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abstract = "Purpose: To identify deregulated and inhibitory miRNAs and generate novel mimics for replacement nanomedicine for head and neck squamous cell carcinomas (HNSCC). Experimental Design: We integrated miRNA and mRNA expression, copy number variation, and DNA methylation results from The Cancer Genome Atlas (TCGA), with a functional genome-wide screen. Results: We reveal that the miR-30 family is commonly repressed, and all 5 members sharing these seed sequence similarly inhibit HNSCC proliferation in vitro. We uncover a previously unrecognized inverse relationship with overexpression of a network of important predicted target mRNAs deregulated in HNSCC, that includes key molecules involved in proliferation (EGFR, MET, IGF1R, IRS1, E2F7), differentiation (WNT7B, FZD2), adhesion, and invasion (ITGA6, SER-PINE1). Reexpression of the most differentially repressed family member, miR-30a-5p, suppressed this mRNA program, selected signaling proteins and pathways, and inhibited cell proliferation, migration, and invasion in vitro. Furthermore, a novel miR-30a-5p mimic formulated into a targeted nanomedicine significantly inhibited HNSCC xenograft tumor growth and target growth receptors EGFR and MET in vivo. Significantly decreased miR-30a/e family expression was related to DNA promoter hypermethylation and/or copy loss in TCGA data, and clinically with decreased disease-specific survival in a validation dataset. Strikingly, decreased miR-30e-5p distinguished oropharyngeal HNSCC with poor prognosis in TCGA (P ¼ 0.002) and validation (P ¼ 0.007) datasets, identifying a novel candidate biomarker and target for this HNSCC subset. Conclusions: We identify the miR-30 family as an important regulator of signal networks and tumor suppressor in a subset of HNSCC patients, which may benefit from miRNA replacement nanomedicine therapy.",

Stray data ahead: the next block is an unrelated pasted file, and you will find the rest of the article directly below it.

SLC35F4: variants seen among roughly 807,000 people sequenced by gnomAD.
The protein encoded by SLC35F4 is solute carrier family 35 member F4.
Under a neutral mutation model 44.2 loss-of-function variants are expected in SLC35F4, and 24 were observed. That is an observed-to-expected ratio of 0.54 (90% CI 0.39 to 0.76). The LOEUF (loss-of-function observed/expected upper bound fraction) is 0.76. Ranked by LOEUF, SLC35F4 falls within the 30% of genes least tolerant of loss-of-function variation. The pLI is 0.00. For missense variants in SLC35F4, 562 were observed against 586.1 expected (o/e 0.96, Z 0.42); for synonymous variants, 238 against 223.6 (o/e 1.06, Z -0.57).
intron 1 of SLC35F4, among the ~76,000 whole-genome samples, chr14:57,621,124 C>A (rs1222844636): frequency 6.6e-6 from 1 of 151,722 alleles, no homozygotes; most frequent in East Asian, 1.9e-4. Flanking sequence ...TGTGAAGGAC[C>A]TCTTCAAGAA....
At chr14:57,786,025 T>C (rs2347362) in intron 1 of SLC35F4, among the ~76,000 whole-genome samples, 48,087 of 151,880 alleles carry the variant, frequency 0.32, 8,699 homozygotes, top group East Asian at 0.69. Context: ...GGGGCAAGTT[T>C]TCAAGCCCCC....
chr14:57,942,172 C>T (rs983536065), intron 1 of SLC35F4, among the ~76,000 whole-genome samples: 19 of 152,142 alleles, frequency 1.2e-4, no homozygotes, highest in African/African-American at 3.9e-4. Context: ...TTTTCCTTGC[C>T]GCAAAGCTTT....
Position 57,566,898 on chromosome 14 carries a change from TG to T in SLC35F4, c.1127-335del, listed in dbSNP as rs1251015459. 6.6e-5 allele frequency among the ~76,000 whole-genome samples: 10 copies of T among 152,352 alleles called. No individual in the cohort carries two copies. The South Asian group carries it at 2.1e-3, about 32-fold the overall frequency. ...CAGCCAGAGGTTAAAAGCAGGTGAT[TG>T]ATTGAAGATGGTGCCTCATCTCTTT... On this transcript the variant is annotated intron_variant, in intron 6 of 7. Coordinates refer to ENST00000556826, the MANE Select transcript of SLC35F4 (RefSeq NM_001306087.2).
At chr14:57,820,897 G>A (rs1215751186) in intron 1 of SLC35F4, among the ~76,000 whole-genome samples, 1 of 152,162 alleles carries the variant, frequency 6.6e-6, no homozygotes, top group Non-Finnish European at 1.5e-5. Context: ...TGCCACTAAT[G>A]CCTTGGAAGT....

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T1 - Integrated genomic and functional microRNA analysis identifies miR-30-5p as a tumor suppressor and potential therapeutic nanomedicine in head and neck cancer

AU - Saleh, Anthony D.

AU - Cheng, Hui

AU - Martin, Scott E.

AU - Si, Han

AU - Ormanoglu, Pinar

AU - Carlson, Sophie

AU - Clavijo, Paul E.

AU - Yang, Xinping

AU - Das, Rita

AU - Cornelius, Shaleeka

AU - Couper, Jamie

AU - Chepeha, Douglas

AU - Danilova, Ludmila

AU - Harris, Thomas M.

AU - Prystowsky, Michael B.

AU - Childs, Geoffrey J.

AU - Smith, Richard V.

AU - Gordon Robertson, A.

AU - Jones, Steven J.M.

AU - Cherniack, Andrew D.

AU - Kim, Sang S.

AU - Rait, Antonina

AU - Pirollo, Kathleen F.

AU - Chang, Esther H.

AU - Chen, Zhong

AU - Van Waes, Carter

PY - 2019/1/1

Y1 - 2019/1/1